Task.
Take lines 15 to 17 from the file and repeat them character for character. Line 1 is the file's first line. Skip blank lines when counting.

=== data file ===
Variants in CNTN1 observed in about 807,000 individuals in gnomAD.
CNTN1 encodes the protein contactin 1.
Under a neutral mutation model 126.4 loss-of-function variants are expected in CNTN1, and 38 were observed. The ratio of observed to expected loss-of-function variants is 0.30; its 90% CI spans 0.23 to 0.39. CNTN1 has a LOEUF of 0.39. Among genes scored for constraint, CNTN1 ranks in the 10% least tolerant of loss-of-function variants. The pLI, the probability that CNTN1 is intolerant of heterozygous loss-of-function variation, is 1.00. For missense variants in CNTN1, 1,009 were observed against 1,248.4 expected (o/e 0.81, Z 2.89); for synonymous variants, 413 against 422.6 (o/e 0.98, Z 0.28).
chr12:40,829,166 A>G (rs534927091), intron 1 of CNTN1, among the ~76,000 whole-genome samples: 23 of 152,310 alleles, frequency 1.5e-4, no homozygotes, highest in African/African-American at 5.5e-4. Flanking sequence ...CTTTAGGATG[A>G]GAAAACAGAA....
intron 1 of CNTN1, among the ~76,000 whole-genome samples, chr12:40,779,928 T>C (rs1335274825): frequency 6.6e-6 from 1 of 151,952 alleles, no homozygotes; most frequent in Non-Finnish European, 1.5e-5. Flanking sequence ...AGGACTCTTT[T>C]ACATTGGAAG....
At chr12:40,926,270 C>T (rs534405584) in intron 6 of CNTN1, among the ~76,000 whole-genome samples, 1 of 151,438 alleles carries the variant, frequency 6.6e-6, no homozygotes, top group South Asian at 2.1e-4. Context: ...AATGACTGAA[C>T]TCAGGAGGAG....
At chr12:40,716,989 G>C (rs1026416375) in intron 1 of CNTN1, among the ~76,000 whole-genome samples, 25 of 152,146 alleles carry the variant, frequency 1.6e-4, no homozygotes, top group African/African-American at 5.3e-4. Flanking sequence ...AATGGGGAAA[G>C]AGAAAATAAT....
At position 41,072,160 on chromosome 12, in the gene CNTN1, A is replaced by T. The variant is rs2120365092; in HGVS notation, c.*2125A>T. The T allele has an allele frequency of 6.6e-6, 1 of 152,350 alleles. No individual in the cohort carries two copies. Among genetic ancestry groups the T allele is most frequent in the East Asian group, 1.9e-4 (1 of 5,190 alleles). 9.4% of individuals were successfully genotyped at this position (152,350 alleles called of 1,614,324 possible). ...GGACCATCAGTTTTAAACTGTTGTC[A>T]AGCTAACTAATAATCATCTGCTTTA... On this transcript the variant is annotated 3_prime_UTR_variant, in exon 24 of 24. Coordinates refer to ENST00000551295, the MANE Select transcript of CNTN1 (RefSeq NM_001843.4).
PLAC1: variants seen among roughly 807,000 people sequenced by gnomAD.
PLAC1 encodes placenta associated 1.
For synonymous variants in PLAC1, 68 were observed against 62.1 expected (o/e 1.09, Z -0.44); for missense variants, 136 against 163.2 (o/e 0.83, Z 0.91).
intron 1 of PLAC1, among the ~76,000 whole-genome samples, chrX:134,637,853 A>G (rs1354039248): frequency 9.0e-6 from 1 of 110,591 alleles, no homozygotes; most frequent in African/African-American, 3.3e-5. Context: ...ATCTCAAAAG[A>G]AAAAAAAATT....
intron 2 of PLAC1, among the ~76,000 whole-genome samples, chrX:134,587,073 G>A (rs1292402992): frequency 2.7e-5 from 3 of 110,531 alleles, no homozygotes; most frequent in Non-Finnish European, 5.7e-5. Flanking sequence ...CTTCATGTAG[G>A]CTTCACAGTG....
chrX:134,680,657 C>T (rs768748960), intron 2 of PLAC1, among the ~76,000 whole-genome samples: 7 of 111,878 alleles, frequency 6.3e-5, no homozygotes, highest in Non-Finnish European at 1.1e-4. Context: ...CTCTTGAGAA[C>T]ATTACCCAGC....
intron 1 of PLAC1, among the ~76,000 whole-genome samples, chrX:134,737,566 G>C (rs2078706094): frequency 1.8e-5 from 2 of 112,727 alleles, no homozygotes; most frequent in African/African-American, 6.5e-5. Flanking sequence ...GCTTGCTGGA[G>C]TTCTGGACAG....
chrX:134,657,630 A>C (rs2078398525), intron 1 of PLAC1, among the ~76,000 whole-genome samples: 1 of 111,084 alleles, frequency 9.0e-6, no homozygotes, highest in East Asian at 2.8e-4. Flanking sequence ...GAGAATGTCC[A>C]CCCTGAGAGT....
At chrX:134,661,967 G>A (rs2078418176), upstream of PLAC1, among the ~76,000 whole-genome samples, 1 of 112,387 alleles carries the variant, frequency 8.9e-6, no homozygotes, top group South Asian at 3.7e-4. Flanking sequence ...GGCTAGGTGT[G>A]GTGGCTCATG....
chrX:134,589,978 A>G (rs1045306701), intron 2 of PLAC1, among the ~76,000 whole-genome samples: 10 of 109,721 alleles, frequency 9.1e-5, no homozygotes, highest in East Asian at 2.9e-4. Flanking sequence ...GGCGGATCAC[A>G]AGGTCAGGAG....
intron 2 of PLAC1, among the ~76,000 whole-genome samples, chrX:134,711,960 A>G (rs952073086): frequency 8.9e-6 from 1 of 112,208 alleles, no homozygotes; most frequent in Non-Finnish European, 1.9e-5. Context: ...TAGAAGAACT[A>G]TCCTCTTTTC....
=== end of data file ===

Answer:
intron 1 of PLAC1, among the ~76,000 whole-genome samples, chrX:134,737,566 G>C (rs2078706094): frequency 1.8e-5 from 2 of 112,727 alleles, no homozygotes; most frequent in African/African-American, 6.5e-5. Flanking sequence ...GCTTGCTGGA[G>C]TTCTGGACAG....
chrX:134,657,630 A>C (rs2078398525), intron 1 of PLAC1, among the ~76,000 whole-genome samples: 1 of 111,084 alleles, frequency 9.0e-6, no homozygotes, highest in East Asian at 2.8e-4. Flanking sequence ...GAGAATGTCC[A>C]CCCTGAGAGT....
At chrX:134,661,967 G>A (rs2078418176), upstream of PLAC1, among the ~76,000 whole-genome samples, 1 of 112,387 alleles carries the variant, frequency 8.9e-6, no homozygotes, top group South Asian at 3.7e-4. Flanking sequence ...GGCTAGGTGT[G>A]GTGGCTCATG....